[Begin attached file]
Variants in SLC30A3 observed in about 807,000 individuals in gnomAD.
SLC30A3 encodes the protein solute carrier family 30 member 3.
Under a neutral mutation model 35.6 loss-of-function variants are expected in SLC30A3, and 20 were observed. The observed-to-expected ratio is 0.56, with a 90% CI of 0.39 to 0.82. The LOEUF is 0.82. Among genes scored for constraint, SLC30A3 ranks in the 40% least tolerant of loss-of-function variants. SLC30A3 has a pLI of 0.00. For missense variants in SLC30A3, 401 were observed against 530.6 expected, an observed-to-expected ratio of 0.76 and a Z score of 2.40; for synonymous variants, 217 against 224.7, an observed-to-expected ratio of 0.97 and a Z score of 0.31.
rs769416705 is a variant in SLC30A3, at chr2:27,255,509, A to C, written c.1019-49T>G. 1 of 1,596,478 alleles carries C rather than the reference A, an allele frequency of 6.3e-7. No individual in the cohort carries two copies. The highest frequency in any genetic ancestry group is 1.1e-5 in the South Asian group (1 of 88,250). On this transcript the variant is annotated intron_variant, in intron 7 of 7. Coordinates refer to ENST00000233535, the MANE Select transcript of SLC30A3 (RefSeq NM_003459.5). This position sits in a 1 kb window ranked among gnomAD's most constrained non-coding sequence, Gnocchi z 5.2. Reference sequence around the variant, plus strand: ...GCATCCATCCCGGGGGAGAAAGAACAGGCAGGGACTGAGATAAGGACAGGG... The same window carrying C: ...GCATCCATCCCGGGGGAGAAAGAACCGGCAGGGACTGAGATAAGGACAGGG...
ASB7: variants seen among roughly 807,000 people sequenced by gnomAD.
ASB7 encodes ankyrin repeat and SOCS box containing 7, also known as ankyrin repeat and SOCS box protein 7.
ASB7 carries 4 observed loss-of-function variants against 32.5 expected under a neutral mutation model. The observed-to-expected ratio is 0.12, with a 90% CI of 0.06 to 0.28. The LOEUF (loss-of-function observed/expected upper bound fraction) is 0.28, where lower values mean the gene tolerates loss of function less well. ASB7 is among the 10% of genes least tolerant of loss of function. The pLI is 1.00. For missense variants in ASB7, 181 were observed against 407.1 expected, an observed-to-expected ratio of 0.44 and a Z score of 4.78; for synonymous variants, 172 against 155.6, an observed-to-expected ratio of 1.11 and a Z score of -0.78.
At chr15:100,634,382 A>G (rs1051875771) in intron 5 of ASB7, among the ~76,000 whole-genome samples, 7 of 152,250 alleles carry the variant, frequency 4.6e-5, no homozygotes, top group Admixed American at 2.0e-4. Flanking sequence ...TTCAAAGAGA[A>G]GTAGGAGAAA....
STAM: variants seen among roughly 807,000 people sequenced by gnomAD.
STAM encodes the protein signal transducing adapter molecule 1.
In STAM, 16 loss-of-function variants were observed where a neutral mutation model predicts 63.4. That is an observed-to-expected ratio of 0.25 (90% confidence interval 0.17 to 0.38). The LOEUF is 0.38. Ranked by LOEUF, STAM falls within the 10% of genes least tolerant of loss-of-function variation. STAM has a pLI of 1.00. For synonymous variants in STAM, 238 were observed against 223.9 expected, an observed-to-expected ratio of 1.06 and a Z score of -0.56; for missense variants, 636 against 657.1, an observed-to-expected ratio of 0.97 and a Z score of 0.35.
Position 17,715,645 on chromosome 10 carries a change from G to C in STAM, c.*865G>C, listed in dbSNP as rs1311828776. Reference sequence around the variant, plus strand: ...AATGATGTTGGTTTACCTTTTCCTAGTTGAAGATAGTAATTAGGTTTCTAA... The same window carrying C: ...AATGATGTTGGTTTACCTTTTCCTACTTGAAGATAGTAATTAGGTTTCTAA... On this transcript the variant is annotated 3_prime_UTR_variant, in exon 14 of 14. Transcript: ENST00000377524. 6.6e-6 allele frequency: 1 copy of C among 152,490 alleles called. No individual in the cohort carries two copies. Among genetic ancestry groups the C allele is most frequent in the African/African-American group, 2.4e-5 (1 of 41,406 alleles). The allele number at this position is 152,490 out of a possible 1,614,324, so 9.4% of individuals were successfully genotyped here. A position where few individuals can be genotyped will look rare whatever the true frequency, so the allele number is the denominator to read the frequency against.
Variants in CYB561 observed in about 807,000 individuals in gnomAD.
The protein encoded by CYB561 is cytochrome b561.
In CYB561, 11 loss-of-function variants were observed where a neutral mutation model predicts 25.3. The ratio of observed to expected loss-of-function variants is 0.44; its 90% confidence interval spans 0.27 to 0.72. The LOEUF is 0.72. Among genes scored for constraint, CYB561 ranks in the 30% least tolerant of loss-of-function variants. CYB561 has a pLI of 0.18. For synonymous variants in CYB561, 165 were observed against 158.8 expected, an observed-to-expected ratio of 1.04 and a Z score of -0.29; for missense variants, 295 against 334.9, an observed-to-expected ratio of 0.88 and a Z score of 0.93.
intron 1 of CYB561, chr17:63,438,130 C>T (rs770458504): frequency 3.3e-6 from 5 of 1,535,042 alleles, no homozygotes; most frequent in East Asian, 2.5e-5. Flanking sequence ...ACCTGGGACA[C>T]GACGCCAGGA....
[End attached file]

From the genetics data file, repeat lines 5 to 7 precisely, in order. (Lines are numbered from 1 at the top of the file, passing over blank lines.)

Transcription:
ASB7: variants seen among roughly 807,000 people sequenced by gnomAD.
ASB7 encodes ankyrin repeat and SOCS box containing 7, also known as ankyrin repeat and SOCS box protein 7.
ASB7 carries 4 observed loss-of-function variants against 32.5 expected under a neutral mutation model. The observed-to-expected ratio is 0.12, with a 90% CI of 0.06 to 0.28. The LOEUF (loss-of-function observed/expected upper bound fraction) is 0.28, where lower values mean the gene tolerates loss of function less well. ASB7 is among the 10% of genes least tolerant of loss of function. The pLI is 1.00. For missense variants in ASB7, 181 were observed against 407.1 expected, an observed-to-expected ratio of 0.44 and a Z score of 4.78; for synonymous variants, 172 against 155.6, an observed-to-expected ratio of 1.11 and a Z score of -0.78.